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Tweets used to track Australian mental health changes during the COVID pandemic

To the casual observer, Twitter can seem like a vehicle for venting frustrations, poking fun at public figures or getting in trouble for things you said 10 years before he was famous. But what if all those tweets, across the spectrum of emotions (frustration, anger, fear, hope) could be mined from data to present a composite of the overall mental health of a nation?

That's the thinking behind a recent study of nearly 245,000 COVID-19-related geotagged tweets — tweets that discussed the pandemic and had geographic information embedded in them — from across Australia. The goal was to identify changes in mental health as a result of the COVID-19 pandemic, examining the time period from January 2020 to May 2021. The study describes how it used "machine learning and spatial mapping to classify, measure, and map changes in the mental health signals of the Australian public and track their change throughout the different phases of the pandemic in eight Australian capitals.”

Xiao Huang, assistant professor in the Department of Geosciences and the Center for Advanced Space Technologies, both at the U of A, was the study's second author and corresponding author. Huang explained, "The term 'social sensing' has emerged as a hot research direction in many domains due to the proliferation of publicly available platforms Generally refers to a set of data collection paradigms where data is collected from humans or devices on their behalf. In this effort, the data collection paradigm we designed aims to intelligently retrieve the emotions and sentiments of the public automatically.”

Not surprisingly, the researchers saw a shift from pessimism early on of the pandemic to greater optimism in the middle phase, but then another turn to greater pessimism in the later phase, perhaps due to concerns with the launch of the vaccine. While these general sentiments could probably be guessed from watching or reading the news, what geotagging provides is a much more granular picture. Where were feelings of fear or pessimism most concentrated? In what cities? And in what specific areas of those cities?

Siqin Wang of the University of Queensland, who led the international research team, noted that "a clear understanding of when and where people show higher levels of signals mental health pessimists provides important information through which the allocation of finite mental health facilities can be determined." deployed.”

He added: "We have found that the provision of mental health services and the implementation of mental health policies clearly need to be adjusted in different phases of the pandemic, or even in any public health emergency."

Social screening would appear to have important implications for how government and health authorities deploy resources to ensure they reach where they are needed most when they are needed most.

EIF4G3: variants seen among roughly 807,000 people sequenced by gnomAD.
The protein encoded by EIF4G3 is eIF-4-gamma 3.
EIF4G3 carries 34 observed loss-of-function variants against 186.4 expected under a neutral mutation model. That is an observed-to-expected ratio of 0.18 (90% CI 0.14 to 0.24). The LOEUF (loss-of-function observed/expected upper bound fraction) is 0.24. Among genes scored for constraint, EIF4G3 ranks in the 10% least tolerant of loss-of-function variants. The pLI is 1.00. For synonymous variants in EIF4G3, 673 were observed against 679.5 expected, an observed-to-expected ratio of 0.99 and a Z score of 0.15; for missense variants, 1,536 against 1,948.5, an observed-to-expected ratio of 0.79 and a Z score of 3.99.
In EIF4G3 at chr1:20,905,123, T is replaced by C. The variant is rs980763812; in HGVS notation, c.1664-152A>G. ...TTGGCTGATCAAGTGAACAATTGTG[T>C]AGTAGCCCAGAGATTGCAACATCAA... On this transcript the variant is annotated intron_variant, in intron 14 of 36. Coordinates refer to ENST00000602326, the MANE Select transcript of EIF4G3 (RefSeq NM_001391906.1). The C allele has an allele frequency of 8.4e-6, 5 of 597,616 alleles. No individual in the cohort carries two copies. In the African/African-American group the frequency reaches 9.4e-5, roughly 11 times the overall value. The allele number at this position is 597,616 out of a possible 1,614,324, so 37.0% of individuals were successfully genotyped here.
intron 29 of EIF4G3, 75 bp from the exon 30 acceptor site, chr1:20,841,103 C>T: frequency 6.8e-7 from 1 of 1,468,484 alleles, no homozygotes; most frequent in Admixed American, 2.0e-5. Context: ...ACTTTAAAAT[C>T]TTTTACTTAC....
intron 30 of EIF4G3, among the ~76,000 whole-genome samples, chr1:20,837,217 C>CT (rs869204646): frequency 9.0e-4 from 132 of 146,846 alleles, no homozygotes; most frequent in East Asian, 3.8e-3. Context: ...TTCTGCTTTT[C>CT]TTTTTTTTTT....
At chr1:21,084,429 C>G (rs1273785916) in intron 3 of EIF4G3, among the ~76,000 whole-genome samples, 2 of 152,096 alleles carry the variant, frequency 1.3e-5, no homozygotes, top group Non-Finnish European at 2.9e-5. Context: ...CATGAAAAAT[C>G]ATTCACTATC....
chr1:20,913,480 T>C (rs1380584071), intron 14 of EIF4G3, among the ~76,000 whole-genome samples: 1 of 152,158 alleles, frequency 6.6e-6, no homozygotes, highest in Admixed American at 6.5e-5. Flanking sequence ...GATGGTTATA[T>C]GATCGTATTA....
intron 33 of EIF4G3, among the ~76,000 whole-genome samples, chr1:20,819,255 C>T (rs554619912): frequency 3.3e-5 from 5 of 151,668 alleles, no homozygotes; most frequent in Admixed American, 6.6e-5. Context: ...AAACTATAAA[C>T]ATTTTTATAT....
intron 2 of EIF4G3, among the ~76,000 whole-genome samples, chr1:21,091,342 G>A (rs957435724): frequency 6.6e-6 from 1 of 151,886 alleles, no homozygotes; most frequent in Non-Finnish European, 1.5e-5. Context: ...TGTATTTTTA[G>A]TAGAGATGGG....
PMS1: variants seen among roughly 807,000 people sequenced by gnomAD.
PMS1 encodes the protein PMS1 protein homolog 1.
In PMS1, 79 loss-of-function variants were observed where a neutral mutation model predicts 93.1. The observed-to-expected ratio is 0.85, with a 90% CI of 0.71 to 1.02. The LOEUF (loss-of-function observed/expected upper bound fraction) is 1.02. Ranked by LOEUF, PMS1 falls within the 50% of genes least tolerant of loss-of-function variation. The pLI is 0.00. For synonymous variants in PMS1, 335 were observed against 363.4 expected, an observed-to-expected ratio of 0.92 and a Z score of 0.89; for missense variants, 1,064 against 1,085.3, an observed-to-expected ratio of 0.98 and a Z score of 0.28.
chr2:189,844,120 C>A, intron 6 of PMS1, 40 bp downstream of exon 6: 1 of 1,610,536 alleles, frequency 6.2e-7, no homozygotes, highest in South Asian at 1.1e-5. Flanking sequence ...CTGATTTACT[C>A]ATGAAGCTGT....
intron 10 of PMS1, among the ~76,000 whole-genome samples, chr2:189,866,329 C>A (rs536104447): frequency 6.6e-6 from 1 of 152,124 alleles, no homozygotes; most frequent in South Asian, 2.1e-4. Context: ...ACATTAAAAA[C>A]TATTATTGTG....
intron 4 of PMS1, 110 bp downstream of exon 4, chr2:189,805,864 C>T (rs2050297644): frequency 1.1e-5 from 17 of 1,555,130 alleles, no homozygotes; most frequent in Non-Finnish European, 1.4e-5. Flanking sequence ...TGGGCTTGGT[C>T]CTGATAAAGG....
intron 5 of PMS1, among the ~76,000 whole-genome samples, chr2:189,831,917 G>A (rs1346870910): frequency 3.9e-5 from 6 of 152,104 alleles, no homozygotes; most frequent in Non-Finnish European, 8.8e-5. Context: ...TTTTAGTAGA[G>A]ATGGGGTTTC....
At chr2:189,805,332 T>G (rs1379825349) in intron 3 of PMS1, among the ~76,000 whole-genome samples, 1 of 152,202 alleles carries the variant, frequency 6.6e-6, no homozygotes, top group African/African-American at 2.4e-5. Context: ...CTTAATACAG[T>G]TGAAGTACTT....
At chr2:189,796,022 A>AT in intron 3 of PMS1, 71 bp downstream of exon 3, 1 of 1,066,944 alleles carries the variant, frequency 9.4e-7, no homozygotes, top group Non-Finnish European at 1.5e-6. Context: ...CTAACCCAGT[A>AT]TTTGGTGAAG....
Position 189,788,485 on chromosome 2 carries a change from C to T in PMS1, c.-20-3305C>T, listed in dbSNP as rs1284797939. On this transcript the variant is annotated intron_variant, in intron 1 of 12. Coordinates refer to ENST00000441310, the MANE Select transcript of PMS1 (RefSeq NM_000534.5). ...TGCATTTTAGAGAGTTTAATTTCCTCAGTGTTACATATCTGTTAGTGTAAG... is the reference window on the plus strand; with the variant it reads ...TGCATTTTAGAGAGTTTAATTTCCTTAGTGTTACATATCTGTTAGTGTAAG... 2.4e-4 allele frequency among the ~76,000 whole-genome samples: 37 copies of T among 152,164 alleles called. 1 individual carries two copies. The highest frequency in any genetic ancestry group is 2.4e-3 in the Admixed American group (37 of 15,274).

The application of social screening would also appear to have uses far beyond the realm of public health. “Although we applied keyword restrictions to retrieve tweets that talked about COVID-19 in this study only,” Huang said, “I think the idea of ​​sentiment analysis across social media platforms can benefit various applications, such as collecting opinions about products or services, complement official polls or even adjust election campaign strategies and predict election results.”

That said, all of this comes with the caveat that the people tweeting may not be a completely accurate reflection of the general population, as they are younger and may have more access to digital devices.

The article, titled "Times are a-changin': Tracking changes in mental health cues since initial phase to the later phase of the COVID-19 pandemic in Australia", was published in British Medical Journal Global Health. Wang and Huang's coauthors included Tao Hu, Mengxi Zhang, Zhenlong Li, Huan Ning, Jonathan Corcoran, Asaduzzaman Khan, Yan Liu, Jiajia Zhang, and Xiaoming Li. About the Department of Geosciences: The Department of Geosciences has its origin in 1873 when the first mineralogy course was offered at the University of Arkansas. Our faculty and students examine the processes that form and shape the Earth's surface, the natural resources we use, how water and ecosystems are interconnected, variations in climate and paleoclimate, the use and development of geospatial methods and the human geography of ethnicity, gender, social class, social inequality, and religion. The department won $2 million in research awards in fiscal year 2020, and our students benefit from more than $3 million in scholarship funds donated by generous alumni. For more information about the Department of Geosciences, please visit our website.

About the University of Arkansas: As Arkansas' flagship institution, the U of A provides an internationally competitive education in more than 200 academic programs. Founded in 1871, the U of A contributes more than $2.2 billion to the Arkansas economy through teaching new knowledge and skills, entrepreneurship and career development, discovery through research and creative activity, while also providing training for professional disciplines. The Carnegie Foundation ranks the U of A in the top 3% of US colleges and universities with the highest level of research activity. USA. UU. News & World Report classifies the U of A among the best public universities in the nation. See how the U of A is working to build a better world at Arkansas Research News.

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